At just about 100 years old – the point when many aging churches end their natural life cycle by closing their doors – Bakersfield Church of the Nazarene, in California, is drawing in a new generation of teenagers from the surrounding neighborhoods.
Donabel Martin is the outreach and young adult pastor, as well as an interim youth pastor. She and her lead pastors and the congregation have tried to create a foundation for the church based on the concept of being good neighbors. Bakersfield First, which has an average attendance of about 200, has developed both long-term programs and short events to reach them.
“Our pastors are preaching what it means for our church to be open,” she said.
One program that has impacted a wide variety of people is Celebrate Recovery, a program which brings the community and the local church together to support each other in becoming free of substance abuse, addiction and life's hurts, habits and hang-ups.
A younger teen who attends the program with her mother was recently connected to the youth group. Over time, more and more teens accompanying their parents in Celebrate Recovery have joined the church’s youth group, as well. It was difficult at first for teens from various backgrounds to mingle and mix well, but after some time, relationships were built. It has changed the DNA of youth ministry at Bakersfield First as a whole.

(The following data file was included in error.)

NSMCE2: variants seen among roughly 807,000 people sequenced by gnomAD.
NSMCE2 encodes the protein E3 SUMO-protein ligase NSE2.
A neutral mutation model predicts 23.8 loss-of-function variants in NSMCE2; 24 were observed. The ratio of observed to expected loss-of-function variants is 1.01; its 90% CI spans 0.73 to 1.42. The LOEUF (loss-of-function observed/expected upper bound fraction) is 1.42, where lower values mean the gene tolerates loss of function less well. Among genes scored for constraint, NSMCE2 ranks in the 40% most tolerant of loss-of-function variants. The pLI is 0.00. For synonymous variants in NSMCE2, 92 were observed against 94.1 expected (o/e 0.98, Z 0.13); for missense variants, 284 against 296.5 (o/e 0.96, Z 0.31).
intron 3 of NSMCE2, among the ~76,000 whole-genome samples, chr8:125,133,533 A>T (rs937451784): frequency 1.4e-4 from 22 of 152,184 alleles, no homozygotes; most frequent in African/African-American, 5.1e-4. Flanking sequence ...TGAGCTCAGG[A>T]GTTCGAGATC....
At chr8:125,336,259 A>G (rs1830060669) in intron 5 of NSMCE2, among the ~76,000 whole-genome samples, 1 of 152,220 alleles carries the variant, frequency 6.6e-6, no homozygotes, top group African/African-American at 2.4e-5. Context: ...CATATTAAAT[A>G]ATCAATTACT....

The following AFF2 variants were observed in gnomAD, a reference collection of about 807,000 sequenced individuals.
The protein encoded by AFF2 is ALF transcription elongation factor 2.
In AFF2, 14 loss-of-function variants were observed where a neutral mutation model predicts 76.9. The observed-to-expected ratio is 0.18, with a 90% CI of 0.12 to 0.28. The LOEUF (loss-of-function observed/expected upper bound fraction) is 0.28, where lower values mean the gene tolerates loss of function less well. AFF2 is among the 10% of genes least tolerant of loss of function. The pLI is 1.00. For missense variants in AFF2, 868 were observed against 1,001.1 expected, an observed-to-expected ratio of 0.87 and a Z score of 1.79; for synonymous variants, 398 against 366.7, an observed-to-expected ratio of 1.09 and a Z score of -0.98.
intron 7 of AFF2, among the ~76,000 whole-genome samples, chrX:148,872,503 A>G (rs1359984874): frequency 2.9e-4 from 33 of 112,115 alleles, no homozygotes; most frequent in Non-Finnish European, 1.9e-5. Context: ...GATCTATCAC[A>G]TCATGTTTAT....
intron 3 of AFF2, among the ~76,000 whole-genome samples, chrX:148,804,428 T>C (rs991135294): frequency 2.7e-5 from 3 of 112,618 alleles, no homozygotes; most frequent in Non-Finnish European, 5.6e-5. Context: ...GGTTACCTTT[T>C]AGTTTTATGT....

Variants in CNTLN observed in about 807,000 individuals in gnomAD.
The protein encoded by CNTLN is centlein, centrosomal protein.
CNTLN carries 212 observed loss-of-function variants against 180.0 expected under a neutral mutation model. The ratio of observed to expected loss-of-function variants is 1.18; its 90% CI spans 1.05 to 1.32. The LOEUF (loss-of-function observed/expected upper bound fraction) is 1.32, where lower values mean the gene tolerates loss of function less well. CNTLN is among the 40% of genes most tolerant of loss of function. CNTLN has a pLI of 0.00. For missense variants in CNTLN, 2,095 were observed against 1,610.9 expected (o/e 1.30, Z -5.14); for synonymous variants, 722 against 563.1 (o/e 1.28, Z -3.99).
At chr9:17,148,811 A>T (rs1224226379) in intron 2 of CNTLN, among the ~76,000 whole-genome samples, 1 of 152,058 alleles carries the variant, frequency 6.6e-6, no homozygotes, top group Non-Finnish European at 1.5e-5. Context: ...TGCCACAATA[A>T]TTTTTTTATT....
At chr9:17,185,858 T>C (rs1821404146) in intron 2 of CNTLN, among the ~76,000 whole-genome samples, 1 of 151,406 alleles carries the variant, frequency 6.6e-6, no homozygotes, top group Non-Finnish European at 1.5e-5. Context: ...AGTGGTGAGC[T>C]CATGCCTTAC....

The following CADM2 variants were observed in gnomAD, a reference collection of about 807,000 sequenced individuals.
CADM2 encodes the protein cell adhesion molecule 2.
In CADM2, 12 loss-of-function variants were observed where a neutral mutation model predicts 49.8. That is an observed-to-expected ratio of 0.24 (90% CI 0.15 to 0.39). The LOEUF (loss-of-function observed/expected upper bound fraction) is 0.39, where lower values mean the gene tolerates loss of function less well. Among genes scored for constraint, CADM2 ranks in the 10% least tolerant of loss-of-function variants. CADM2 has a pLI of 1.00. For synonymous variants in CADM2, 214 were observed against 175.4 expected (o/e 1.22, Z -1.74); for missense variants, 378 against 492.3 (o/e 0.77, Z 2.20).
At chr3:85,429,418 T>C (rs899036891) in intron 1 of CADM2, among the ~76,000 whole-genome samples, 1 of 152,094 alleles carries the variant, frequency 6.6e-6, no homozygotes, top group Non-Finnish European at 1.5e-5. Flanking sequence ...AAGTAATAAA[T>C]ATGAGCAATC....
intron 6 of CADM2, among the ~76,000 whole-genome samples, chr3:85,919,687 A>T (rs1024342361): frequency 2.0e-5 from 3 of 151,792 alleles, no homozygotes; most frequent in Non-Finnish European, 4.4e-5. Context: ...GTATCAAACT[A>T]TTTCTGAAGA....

“We are starting to see youth ministry transferring from ‘me, me, me’ to ‘us,’ being open to everyone. Change is really happening on both sides,” Martin said.
New teens are feeling more welcome and are attending more often, and teens already at the church are learning to accept people from different ethnic and socio-economic backgrounds.
Another way the teens and leaders at Bakersfield First have reached out to the community has been through athletics, primarily basketball. Teens come to play on the court at the church, and slowly, build relationships with church members. These teens have become part of the fabric of this church.
This fall, the church held a fall party for the neighborhood with bounce houses, food, games, a “trunk or treat” (decorated cars, with candy in the trunks to distribute to children) and the invitation for children to attend in costumes. More than 800 people attended.
“When I was at the ‘trunk or treat,’ you couldn’t tell who was who or who ‘belonged’ with whom. We were all there to be the community together,” Martin said. “Not all stories are celebration stories, but even in that, I know God is working.”